It was so hard to narrow down just 5 pieces from Karen Hanmer’s portfolio to feature during the month of December. So I present this bonus post, which includes 2 additional bindings, to wrap up both Karen’s feature and the interview segment for 2013.
Over the Edge: Death in Grand Canyon (by Thomas M. Myers and Michael P. Ghiglieri) may be the reason why I first began to admire Karen Hanmer’s work and how I fell in love with the lacunose technique. This French-style fine binding is covered in full goatskin and features two large goatskin lacunose onlays. The tumbling figures are tooled in gold using custom brass tools, both on the covers, spine and edge-to-edge doublures, which have left a mirrored impression on the suede flyleaves (which you can see here).
After visiting with Karen in her home bindery, I attended the One Book, Many Interpretations exhibit at the Chicago Public Library in 2011. I had just been treated to handling some of Karen’s earlier works, that I was so awed by her recent fine binding of The Right Stuff by Tom Wolfe. Karen employs so many techniques on this binding, but every part is flawlessly executed into a harmonious composition.
Bound as a French-style fine binding in full goatskin with back-pared and cushioned onlays; some laser-printed. Sprinkled gold leaf creates a cosmic stream across the boards. The edges are decorated with graphite and sprinkled with gold leaf.
These two bindings are amongst my favorites within your portfolio. The techniques you employed made for quite striking designs. Can you discuss the lacunose technique and using laser-printed onlays?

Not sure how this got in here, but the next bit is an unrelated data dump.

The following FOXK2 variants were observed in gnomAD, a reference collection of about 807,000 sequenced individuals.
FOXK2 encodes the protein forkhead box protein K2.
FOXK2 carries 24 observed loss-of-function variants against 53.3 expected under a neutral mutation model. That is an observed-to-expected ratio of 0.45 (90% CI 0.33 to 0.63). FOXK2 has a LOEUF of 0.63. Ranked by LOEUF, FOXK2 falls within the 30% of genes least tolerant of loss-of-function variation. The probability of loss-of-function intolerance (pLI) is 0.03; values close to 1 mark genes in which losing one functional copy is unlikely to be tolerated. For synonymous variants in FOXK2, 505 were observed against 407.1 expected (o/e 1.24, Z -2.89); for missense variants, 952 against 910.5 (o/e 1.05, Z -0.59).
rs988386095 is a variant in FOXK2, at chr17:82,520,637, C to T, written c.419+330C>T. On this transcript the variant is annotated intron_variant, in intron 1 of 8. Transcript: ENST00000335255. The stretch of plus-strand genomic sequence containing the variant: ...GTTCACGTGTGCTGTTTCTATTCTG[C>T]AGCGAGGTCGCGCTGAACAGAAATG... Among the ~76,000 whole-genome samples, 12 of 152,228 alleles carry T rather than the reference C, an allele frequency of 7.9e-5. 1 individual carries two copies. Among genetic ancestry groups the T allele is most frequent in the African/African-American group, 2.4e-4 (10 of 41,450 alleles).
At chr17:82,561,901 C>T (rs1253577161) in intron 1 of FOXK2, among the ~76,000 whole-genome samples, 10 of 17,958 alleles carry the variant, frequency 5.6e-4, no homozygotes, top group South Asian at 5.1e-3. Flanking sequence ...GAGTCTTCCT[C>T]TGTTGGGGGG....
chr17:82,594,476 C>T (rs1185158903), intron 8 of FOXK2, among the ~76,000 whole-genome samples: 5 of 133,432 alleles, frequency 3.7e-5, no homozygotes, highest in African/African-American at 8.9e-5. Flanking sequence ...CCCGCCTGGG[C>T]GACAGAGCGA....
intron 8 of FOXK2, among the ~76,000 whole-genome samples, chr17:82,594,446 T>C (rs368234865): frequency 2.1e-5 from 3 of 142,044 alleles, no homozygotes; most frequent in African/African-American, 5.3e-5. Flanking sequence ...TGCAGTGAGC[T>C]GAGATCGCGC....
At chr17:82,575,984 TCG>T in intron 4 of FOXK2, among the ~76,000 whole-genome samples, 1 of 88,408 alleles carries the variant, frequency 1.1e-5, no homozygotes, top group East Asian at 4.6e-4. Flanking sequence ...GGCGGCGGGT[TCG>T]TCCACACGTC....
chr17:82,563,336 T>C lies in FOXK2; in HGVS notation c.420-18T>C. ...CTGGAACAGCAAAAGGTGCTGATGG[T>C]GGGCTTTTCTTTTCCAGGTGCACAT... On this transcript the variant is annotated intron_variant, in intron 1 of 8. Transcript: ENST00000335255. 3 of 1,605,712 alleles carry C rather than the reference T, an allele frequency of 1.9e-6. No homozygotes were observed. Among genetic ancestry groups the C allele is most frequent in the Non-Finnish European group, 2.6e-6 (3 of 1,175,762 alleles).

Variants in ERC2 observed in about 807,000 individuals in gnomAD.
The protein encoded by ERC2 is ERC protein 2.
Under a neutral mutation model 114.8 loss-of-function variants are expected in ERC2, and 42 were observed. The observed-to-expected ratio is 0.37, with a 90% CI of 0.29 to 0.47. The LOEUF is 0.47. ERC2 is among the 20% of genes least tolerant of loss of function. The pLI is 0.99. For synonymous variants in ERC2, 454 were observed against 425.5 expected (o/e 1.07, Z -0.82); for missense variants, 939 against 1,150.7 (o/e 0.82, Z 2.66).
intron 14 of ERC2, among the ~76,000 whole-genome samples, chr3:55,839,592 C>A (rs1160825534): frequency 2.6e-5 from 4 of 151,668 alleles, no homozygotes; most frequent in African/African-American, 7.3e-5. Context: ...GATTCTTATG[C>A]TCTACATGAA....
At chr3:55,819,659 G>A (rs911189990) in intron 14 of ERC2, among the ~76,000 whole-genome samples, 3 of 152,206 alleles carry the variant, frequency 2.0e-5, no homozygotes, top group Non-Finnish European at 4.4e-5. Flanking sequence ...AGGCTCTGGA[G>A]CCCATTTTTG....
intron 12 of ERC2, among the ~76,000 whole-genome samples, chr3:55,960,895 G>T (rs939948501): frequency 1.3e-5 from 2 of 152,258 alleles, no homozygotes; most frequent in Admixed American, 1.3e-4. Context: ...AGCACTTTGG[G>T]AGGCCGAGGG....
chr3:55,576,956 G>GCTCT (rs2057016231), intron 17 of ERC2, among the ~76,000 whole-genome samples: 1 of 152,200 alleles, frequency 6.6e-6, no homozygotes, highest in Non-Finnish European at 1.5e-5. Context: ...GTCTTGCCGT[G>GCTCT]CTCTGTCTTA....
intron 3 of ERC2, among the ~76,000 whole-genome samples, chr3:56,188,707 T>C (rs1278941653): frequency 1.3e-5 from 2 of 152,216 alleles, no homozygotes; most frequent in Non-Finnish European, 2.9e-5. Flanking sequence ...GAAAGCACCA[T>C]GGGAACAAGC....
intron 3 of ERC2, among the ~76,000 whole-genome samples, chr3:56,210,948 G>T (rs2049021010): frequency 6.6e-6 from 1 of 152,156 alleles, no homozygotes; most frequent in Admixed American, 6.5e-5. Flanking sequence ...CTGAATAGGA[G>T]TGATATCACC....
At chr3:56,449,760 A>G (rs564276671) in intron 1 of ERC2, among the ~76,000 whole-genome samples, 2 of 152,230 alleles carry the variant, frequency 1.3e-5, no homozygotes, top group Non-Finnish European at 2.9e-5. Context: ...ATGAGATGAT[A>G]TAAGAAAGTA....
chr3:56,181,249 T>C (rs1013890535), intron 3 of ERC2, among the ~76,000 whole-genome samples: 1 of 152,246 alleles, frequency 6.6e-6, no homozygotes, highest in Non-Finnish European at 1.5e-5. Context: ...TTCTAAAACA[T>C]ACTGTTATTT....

I don’t draw, paint, airbrush, or do any kind of traditional printmaking, so to get imagery into my designs, I use the computer, or in the case of lacunose, brute force.
I saw Paul Delrue present the lacunose technique at the Guild of Book Workers meeting in 2005. Thin bits of leather are adhered to a substrate or directly to the book, sanded, a PVA wash is applied and dried, and the leather is sanded again. More bits of leather can be applied, tooling can add additional texture, and color can be added to the wash to alter the tone. This process is repeated numerous times with finer and finer sandpaper, then finished with beeswax on a cloth.
Laser-printing on leather is a technique I learned from Peter Verheyen. Pare leather to onlay thickness, paste it to tissue, dry flat. Print the desired image first onto paper so you can properly position the leather. Place the leather over the image just printed on the paper, and tape down the leading edge. Make a second laser print, this time on the leather. After the print is cool, fix the image with a protective coating. I use Cellugel. Krylon spray will also work, and SC6000 or Renaissance wax will probably work also, but be careful not to rub the toner off the surface as you rub on the protective coating. Then remove the leather from the copier paper and proceed to use the printed leather as an onlay or inlay.
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I want to thank Karen again for such a wonderful and thoughtful interview!